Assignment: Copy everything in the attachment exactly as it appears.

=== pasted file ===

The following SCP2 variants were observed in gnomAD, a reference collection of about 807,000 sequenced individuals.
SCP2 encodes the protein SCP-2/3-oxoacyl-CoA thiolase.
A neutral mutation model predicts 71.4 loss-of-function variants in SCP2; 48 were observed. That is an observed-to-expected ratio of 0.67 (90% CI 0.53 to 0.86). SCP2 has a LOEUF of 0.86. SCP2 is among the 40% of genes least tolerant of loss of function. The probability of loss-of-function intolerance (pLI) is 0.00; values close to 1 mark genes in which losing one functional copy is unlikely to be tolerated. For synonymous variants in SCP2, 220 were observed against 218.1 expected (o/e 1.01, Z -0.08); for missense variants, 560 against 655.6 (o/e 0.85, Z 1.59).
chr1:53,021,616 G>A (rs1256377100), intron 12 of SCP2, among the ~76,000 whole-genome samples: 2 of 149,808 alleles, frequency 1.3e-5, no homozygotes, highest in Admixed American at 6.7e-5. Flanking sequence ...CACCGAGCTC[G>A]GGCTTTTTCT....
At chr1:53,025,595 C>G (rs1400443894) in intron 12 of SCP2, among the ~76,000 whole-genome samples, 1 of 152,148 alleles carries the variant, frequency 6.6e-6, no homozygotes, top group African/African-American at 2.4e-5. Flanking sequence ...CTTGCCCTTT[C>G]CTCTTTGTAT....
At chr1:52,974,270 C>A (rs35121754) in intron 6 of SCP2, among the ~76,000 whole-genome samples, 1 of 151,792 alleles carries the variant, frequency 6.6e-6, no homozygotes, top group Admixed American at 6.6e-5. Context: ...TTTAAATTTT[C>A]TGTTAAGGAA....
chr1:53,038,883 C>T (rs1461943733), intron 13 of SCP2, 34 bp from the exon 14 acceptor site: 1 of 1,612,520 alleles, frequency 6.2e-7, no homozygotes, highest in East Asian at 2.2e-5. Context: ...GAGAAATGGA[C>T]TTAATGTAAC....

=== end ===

The following SCP2 variants were observed in gnomAD, a reference collection of about 807,000 sequenced individuals.
SCP2 encodes the protein SCP-2/3-oxoacyl-CoA thiolase.
A neutral mutation model predicts 71.4 loss-of-function variants in SCP2; 48 were observed. That is an observed-to-expected ratio of 0.67 (90% CI 0.53 to 0.86). SCP2 has a LOEUF of 0.86. SCP2 is among the 40% of genes least tolerant of loss of function. The probability of loss-of-function intolerance (pLI) is 0.00; values close to 1 mark genes in which losing one functional copy is unlikely to be tolerated. For synonymous variants in SCP2, 220 were observed against 218.1 expected (o/e 1.01, Z -0.08); for missense variants, 560 against 655.6 (o/e 0.85, Z 1.59).
chr1:53,021,616 G>A (rs1256377100), intron 12 of SCP2, among the ~76,000 whole-genome samples: 2 of 149,808 alleles, frequency 1.3e-5, no homozygotes, highest in Admixed American at 6.7e-5. Flanking sequence ...CACCGAGCTC[G>A]GGCTTTTTCT....
At chr1:53,025,595 C>G (rs1400443894) in intron 12 of SCP2, among the ~76,000 whole-genome samples, 1 of 152,148 alleles carries the variant, frequency 6.6e-6, no homozygotes, top group African/African-American at 2.4e-5. Flanking sequence ...CTTGCCCTTT[C>G]CTCTTTGTAT....
At chr1:52,974,270 C>A (rs35121754) in intron 6 of SCP2, among the ~76,000 whole-genome samples, 1 of 151,792 alleles carries the variant, frequency 6.6e-6, no homozygotes, top group Admixed American at 6.6e-5. Context: ...TTTAAATTTT[C>A]TGTTAAGGAA....
chr1:53,038,883 C>T (rs1461943733), intron 13 of SCP2, 34 bp from the exon 14 acceptor site: 1 of 1,612,520 alleles, frequency 6.2e-7, no homozygotes, highest in East Asian at 2.2e-5. Context: ...GAGAAATGGA[C>T]TTAATGTAAC....